Cast away

  • Lend a hand: Father Judge senior linebacker and captain Joe Nigro said there was ‘no way’ a broken bone in his left hand would prevent him from playing in the Catholic League semifinals. Though the Crusaders fell to La Salle, 35-0, Nigro played the entire game despite most of his left arm being covered in a cast. BILL ACHUFF / FOR THE TIMES

  • Lend a hand: Father Judge senior linebacker and captain Joe Nigro said there was ‘no way’ a broken bone in his left hand would prevent him from playing in the Catholic League semifinals. Though the Crusaders fell to La Salle, 35-0, Nigro played the entire game despite most of his left arm being covered in a cast. BILL ACHUFF / FOR THE TIMES

By the time the third quarter had ended in Fri­day night’s Cath­ol­ic League foot­ball semi­final con­test at Ply­mouth-White­m­arsh High School, the dam­age had long been done.

La Salle held a com­mand­ing 35-0 lead on a night where everything went right for the five-time reign­ing champs; on the vis­it­ing side­line, the in­verse was true for the chal­lenger, Fath­er Judge, which had come with­in one point of beat­ing this same Ex­plorers team a month ago.

But still, even in the midst of the sea­son’s worst, most lop­sided loss, a last­ing im­age of a team that re­fused to quit broke through in the form of its de­fens­ive cap­tain. And his cast. 

Oh, that cast.

Seni­or middle line­back­er Joe Nig­ro played the en­tire game with an enorm­ous, bulky cast cov­er­ing most of his left arm. It was de­signed to pro­tect a broken second meta­carpal, an in­jury he suffered while mak­ing a tackle in a 10-7 win over Ro­man Cath­ol­ic the week be­fore.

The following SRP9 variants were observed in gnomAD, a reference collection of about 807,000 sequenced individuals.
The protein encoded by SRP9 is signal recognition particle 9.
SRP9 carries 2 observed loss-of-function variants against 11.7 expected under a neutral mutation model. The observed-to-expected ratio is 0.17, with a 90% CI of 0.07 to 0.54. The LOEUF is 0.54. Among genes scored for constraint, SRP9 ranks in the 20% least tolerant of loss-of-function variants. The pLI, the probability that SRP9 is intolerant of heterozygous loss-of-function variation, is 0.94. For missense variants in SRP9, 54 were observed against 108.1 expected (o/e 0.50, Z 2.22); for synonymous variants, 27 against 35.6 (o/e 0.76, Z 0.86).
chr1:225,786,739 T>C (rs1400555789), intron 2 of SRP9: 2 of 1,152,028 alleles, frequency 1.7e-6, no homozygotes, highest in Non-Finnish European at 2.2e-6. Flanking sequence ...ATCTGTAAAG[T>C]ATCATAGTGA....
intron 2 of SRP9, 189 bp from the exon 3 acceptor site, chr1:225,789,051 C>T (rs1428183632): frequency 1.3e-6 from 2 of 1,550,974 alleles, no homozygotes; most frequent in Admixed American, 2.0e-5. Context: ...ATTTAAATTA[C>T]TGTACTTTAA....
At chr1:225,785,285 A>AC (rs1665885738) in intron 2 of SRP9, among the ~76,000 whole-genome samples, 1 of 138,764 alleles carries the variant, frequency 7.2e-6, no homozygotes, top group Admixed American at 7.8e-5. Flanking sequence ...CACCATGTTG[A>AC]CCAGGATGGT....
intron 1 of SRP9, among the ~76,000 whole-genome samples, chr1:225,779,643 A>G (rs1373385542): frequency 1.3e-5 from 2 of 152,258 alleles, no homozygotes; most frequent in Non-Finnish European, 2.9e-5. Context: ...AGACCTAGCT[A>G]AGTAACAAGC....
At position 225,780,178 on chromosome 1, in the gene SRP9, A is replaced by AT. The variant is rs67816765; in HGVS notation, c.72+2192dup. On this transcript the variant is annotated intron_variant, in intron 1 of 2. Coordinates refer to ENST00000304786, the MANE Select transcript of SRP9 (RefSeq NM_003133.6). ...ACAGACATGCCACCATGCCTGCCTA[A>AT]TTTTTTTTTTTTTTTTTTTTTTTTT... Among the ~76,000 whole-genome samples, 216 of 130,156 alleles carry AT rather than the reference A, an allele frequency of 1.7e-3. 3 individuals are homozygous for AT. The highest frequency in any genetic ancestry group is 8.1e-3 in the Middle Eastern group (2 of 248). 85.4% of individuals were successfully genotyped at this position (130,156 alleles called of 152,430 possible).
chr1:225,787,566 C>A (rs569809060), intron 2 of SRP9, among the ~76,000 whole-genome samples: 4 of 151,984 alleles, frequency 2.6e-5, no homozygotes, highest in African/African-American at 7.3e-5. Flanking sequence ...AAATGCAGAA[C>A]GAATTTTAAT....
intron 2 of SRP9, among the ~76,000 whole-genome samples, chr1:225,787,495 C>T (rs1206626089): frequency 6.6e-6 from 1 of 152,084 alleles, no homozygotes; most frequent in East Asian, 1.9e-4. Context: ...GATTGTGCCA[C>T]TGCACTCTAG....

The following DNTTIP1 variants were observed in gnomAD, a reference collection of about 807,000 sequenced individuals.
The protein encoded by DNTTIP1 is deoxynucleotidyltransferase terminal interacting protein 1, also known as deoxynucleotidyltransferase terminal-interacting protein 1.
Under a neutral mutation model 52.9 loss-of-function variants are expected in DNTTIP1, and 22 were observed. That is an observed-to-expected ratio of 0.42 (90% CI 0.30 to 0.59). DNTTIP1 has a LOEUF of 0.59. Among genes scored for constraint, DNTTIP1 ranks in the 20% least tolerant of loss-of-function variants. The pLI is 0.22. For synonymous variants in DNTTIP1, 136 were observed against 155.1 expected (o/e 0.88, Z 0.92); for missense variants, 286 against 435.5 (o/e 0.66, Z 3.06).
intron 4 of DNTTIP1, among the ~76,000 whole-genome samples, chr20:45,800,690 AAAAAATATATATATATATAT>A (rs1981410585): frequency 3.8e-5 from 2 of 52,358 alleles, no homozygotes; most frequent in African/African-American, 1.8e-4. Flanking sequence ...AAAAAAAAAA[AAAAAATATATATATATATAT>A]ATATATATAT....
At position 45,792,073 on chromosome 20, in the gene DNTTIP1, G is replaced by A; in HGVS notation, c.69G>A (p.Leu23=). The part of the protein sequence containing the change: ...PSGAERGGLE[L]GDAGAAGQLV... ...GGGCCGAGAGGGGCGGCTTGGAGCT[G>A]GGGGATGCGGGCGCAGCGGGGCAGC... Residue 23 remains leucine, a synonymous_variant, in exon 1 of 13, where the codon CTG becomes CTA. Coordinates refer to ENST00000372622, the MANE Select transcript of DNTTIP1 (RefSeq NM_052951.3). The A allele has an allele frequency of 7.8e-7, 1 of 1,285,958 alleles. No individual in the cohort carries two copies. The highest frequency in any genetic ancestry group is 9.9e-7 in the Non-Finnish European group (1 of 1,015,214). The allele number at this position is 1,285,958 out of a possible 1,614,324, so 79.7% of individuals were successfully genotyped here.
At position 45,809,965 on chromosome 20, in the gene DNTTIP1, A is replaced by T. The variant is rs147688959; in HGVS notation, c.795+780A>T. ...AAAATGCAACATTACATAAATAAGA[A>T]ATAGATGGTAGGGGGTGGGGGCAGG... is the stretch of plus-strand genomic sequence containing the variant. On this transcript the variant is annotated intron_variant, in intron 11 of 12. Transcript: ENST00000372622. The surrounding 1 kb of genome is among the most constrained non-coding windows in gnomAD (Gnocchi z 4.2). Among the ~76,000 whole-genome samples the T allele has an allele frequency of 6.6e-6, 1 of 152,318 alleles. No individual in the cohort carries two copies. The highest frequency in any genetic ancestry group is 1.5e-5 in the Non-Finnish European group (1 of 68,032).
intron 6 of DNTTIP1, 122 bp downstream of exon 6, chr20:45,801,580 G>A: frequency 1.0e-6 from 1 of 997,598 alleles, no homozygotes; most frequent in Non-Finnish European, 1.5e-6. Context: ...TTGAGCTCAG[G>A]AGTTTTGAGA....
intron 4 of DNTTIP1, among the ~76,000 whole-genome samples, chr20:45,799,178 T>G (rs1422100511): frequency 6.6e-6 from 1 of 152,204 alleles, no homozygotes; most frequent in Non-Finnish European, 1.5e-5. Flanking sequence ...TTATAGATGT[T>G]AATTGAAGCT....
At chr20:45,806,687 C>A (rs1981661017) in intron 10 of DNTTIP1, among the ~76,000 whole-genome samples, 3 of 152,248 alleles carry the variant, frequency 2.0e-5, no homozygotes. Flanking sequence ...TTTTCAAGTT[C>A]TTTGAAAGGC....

Nig­ro may have been battered, and his team may have been trail­ing by five touch­downs, but he wasn’t com­ing off the field. In the last post­season con­test of his high school ca­reer, noth­ing short of hand­cuffs and a squad car would have been able to re­move Judge’s uber-in­tense de­fens­ive lead­er from the bat­tle­field.

“I went to the doc­tor and he said I didn’t need sur­gery, and as long as I didn’t need sur­gery, I could play,” Nig­ro said. “It’s the play­offs of my seni­or year. I wasn’t go­ing to miss it. There was no way. I had to get used to the cast, and it was more dif­fi­cult com­ing off blocks and wrap­ping up guys, but once I got used to it I was pretty ef­fect­ive. It wasn’t that bad.”

It surely wasn’t pleas­ur­able for Nig­ro and his team­mates to watch La Salle quar­ter­back Kyle Shur­mur throw for 258 yards and a city play­off re­cord five touch­down passes, but they fin­ished the job they star­ted non­ethe­less. It wasn’t long ago when Nig­ro and com­pany stood toe-to-toe with the Ex­plorers, build­ing a 16-0 lead on Oct. 5 be­fore Shur­mur burned the Cru­saders for two TD passes, in­clud­ing the go-ahead one in the fourth quarter.

“They just ex­ecuted, their of­fense passed a lot on us and our of­fense couldn’t get any­thing go­ing,” Nig­ro said. “In the first game, we forced some turnovers and this time around they just did a bet­ter job. 

“You just play your heart out the en­tire game, you nev­er give up. That’s how I was brought up to play. You have pride in your­self and you play the whole game the hard­est you can. We just wanted to go out this sea­son and earn some re­spect back while play­ing our hard­est. I think we did a pretty good job of do­ing that.”

Blo­wout loss to La Salle (8-2) not­with­stand­ing, Nig­ro and the Cru­saders (6-4) ex­per­i­enced more peaks than val­leys un­der first-year head coach Mike McKay. Nig­ro ad­mit­ted there was a bit of a get­ting-to-know-you peri­od when McKay re­placed Tommy Coyle (Coyle left for Penn Charter after 13 years as head coach), but that things soon began fall­ing in­to place.